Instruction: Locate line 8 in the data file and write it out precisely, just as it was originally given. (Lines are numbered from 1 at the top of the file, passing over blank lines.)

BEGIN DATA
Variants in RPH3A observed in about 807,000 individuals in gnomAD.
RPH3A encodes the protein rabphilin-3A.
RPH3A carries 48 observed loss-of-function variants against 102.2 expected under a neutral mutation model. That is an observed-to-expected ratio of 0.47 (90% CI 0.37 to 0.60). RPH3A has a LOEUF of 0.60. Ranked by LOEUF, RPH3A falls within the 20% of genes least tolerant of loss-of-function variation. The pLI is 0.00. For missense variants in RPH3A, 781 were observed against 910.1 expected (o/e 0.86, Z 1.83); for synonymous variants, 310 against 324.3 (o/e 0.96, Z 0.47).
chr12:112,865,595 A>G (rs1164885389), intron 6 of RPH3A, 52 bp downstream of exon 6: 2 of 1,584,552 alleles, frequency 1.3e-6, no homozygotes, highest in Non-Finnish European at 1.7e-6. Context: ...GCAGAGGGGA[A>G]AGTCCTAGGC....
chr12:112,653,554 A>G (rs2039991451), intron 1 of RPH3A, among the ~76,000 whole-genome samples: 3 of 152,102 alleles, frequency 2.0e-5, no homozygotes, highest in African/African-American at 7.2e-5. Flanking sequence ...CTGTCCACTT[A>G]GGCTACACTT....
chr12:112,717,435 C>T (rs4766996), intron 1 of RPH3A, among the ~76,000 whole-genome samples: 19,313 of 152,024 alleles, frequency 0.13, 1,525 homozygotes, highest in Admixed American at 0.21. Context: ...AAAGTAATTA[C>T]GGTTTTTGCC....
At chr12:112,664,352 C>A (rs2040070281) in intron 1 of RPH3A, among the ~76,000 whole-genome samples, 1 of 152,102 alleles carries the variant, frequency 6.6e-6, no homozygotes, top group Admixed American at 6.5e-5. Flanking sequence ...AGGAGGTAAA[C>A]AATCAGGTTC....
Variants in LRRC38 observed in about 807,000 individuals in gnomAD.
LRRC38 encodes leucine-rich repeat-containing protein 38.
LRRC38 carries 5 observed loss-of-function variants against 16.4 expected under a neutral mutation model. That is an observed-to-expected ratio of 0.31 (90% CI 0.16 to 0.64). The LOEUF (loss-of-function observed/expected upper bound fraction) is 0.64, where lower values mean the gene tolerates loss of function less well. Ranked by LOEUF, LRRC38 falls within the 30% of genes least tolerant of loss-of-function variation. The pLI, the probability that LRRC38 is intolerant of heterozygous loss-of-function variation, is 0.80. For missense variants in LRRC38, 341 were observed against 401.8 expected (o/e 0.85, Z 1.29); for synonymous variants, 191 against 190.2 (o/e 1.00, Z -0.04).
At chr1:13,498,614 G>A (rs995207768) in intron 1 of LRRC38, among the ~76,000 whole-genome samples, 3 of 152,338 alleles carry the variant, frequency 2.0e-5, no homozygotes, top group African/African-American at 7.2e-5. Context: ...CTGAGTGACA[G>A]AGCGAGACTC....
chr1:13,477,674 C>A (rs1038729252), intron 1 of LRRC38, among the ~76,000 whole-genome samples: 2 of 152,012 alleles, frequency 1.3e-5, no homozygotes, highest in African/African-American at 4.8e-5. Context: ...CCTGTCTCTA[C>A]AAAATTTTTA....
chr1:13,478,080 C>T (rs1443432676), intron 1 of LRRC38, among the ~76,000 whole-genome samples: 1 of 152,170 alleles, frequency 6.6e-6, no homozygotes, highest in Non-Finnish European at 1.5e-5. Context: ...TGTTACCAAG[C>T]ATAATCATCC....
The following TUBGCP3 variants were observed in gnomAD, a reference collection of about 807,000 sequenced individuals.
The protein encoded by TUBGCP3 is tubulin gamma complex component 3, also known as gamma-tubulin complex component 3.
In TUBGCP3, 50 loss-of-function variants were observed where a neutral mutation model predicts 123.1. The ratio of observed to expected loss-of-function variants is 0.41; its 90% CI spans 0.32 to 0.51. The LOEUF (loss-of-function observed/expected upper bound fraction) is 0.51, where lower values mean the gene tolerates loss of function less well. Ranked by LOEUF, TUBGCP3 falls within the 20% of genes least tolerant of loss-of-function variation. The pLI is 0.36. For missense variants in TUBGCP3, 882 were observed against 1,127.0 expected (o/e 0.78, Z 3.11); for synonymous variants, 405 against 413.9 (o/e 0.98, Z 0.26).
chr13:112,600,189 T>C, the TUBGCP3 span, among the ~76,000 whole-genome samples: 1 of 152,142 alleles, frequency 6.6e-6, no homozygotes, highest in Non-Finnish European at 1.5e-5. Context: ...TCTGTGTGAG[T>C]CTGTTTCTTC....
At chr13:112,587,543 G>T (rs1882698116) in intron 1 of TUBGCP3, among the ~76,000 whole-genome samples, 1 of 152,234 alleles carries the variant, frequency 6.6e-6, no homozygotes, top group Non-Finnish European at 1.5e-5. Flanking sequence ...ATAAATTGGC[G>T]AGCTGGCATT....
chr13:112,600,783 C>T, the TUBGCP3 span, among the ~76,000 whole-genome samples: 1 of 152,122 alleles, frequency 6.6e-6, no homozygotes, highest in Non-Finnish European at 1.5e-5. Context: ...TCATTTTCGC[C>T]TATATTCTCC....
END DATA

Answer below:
Variants in LRRC38 observed in about 807,000 individuals in gnomAD.